The result was that some simply would not couple to others, and NO available uncoupling ramp would work with even most of them.
I finally switched to the "Rail Line" versions, and used them whenever possible. These worked with each other quite well. Later, they even had a magnetic version that also worked rather well, but LOOKED even worse than the standard horn-hooks (BIG maagnet ON the trip pin).
I never did use the Mantua hook-loop couplers ... they just looked too bad. I tried the Devore/Roundhouse mechanical couplers. They looked better, but didn't work for 'beans'. I tried the mechanical Kadees, which worked better and looked decent, but was unimpressed. Then Kadee came out with their magnematics, which looked the same, but worked far better. Now I use about 95% real Kadee couplers, and have been unimpressed with most of the 'clones'. I still have some 'clones' in service, but most soon start to cause problems, and I replace them with Kadees.
On Wed, 09 Feb 2005 20:46:27 -0600, Greybeard wrote: (in part)
Thanks Greybeard, for your information of your experience.
My experience with the IHC couplers is that they work very well with other types. And they are of good quality as well. Another poster here, Len has confirmed this. And Len identified them as IHC Magic Mates. I had written my earlier post and had mistaken MM's as Bachmann. Another poster identified the Bachmann product as "EZ Mate" a similar product.
Indeed. That is the most important thing for my railroad. I like to see trains running through scenery and towns. And aren't the towns and buildings and stuff as pleasing as the trains? (: Really don't "see" the couplers, but see a well put together train. And of course, I want them to work well. To stay coupled when they are supposed to and provide a realistic distance between cars. And to not screw up when backing and switching etc.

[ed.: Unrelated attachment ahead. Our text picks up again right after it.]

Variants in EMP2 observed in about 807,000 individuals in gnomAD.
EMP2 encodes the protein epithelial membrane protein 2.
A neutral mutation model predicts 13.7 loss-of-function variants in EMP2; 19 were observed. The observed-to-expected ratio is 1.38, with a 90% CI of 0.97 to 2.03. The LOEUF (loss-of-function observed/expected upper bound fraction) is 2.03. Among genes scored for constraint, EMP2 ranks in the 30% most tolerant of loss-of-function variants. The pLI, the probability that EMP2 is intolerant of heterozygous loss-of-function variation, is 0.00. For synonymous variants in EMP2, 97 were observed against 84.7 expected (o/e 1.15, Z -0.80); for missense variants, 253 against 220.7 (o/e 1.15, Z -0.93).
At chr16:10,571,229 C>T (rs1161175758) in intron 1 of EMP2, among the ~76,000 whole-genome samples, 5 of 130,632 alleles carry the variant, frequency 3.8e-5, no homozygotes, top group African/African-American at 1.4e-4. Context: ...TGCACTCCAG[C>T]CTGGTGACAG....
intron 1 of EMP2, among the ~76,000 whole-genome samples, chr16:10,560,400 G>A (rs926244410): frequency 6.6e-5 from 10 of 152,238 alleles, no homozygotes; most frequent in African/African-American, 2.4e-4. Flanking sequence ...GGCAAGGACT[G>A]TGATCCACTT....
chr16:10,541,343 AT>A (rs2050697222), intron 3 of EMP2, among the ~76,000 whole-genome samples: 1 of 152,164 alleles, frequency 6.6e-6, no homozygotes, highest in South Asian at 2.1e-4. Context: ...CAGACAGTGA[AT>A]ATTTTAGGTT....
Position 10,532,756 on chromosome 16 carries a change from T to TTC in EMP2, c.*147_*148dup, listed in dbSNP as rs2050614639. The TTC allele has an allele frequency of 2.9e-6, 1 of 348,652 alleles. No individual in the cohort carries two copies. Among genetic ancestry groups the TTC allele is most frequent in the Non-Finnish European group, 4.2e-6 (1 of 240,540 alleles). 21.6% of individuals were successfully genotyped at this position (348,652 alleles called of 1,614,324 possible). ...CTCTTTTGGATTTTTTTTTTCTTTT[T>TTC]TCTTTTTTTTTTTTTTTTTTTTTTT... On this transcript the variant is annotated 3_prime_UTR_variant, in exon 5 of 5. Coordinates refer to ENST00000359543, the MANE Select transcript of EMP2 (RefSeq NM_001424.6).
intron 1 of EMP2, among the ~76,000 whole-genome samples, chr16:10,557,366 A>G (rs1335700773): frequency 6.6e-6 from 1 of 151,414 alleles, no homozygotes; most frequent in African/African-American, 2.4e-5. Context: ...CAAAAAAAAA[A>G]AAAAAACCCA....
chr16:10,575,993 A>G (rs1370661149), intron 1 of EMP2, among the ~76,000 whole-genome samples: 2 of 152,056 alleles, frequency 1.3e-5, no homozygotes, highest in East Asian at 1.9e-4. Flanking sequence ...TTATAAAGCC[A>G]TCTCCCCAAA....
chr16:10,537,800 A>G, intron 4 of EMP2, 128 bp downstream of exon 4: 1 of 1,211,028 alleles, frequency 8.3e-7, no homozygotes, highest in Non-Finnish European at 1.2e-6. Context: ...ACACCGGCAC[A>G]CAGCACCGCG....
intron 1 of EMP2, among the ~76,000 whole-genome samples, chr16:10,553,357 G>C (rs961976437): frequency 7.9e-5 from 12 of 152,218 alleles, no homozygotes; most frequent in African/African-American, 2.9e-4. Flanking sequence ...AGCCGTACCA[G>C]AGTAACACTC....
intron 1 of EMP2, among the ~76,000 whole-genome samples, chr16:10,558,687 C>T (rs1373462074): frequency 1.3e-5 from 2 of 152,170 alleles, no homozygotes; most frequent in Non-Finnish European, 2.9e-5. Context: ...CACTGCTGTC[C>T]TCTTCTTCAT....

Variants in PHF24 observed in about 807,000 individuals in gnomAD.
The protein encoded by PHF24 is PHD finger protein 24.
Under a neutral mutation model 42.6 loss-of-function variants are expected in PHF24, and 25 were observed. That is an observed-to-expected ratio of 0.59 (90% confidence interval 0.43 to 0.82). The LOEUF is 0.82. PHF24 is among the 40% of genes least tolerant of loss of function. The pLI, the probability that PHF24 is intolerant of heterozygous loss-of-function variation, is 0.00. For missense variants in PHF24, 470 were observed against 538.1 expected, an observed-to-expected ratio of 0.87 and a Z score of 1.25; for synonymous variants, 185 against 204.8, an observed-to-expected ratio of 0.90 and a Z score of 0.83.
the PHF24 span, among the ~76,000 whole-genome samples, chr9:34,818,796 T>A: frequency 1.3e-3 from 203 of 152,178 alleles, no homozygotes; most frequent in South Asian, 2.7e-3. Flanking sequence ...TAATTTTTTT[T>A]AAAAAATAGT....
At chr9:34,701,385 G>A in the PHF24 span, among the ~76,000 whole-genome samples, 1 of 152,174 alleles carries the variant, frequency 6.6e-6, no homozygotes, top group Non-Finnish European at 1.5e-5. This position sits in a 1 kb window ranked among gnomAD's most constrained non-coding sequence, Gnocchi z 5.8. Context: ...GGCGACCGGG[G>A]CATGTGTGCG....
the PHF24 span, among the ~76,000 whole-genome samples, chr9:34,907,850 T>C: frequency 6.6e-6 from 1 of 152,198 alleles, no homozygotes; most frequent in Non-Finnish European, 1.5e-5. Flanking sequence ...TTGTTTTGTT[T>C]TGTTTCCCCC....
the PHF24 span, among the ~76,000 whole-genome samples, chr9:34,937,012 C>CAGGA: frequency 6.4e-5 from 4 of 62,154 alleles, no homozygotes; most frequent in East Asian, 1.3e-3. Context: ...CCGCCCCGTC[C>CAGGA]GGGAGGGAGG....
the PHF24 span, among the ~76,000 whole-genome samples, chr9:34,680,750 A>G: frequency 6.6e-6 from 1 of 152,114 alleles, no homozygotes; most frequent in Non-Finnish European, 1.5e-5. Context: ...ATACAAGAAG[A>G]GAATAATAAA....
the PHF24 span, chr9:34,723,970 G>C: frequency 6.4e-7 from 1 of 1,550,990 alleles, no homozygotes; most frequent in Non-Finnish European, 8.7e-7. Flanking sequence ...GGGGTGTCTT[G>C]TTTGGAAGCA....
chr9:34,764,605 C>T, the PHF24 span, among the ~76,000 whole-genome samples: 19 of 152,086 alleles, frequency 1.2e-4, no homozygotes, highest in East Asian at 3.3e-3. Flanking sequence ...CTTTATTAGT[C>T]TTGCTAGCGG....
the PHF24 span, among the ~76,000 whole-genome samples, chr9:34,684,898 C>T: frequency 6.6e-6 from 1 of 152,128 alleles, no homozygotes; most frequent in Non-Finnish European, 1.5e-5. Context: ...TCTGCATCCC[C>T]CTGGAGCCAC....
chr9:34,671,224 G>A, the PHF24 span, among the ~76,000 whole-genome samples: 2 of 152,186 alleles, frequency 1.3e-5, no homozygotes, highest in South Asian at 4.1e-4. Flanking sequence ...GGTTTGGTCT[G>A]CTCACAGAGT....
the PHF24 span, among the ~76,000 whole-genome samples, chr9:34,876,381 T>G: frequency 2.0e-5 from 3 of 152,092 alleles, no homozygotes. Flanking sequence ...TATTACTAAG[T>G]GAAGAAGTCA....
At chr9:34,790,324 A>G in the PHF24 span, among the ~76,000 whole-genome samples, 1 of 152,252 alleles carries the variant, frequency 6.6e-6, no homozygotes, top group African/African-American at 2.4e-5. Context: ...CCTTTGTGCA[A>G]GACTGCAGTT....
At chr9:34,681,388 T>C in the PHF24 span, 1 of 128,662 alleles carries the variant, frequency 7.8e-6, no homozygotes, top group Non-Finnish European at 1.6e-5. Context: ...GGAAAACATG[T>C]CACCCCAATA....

As I wrote, I prefer the Life-Like and predecessor Penn line 60' passenger cars for my pike. Repainted, lighted and detailed, they look just great on the "4X8" scale layout, which itself is way out of scale. A steam loco or a couple of F's pulling four or five cars fit perfectly in the reduced scale and look just right. Just got to please me and make me happy (:
Thanks to you all and all the posters for your help and experience! I think that the Magic Mates will be a good choice as I convert my 60's,
70's, 80's collection to knuckle couplers, one by one. As well as adding new locos and cars. I have some trains that are exclusively Kadees, and have all those old horn hooks too. I will get some McHenry's as well. This is my plan. The MM's and MH's will bridge the gap, until I get the whole lot converted to KD's. Or perhaps find that several brands suit my needs.
I have retired!!! After 37 years with the Feds. And have a fine new, old 1935 house with a full, empty basement. Just begging for a great layout. I think this will be the last time I will be "getting back" into the hobby, and will be in for the long haul. Yea for me! (:
Have a lot of time now, and have some experience converting something large one by one. Like "Johnny Appleseed" or perhaps the story "The Man Who Planted Trees"
I like the "birthday" idea (:
Have already converted a few trains, that would normally be run together and not with any others. And thanks to the other posters and their replies, I have a good start, without having to re-invent the wheel.
Very Best Regards,
On Thu, 10 Feb 2005 17:01:23 GMT, "Pac Man" wrote: (in part)
The magic mates are good for your transition period to a single coupler type. But my policy has been to buy s package of KDs (more recently, the scale KDs) every time I buy anything else at the hobby store. Now I'm all converted and have a large supply of discarded horn-hooks. I use the KDs (and also McHenry scale ones where I want a non-metallic coupler, or where the original was an ez-mate and the shaft doesn't work well with KD) to replace ez-mates with the plastic finger springs, too. Both the KDs and the McHenry's with their metal springs work better in my estimation.
in article email@example.com, Robert at firstname.lastname@example.org wrote on 2/10/05 3:38 PM: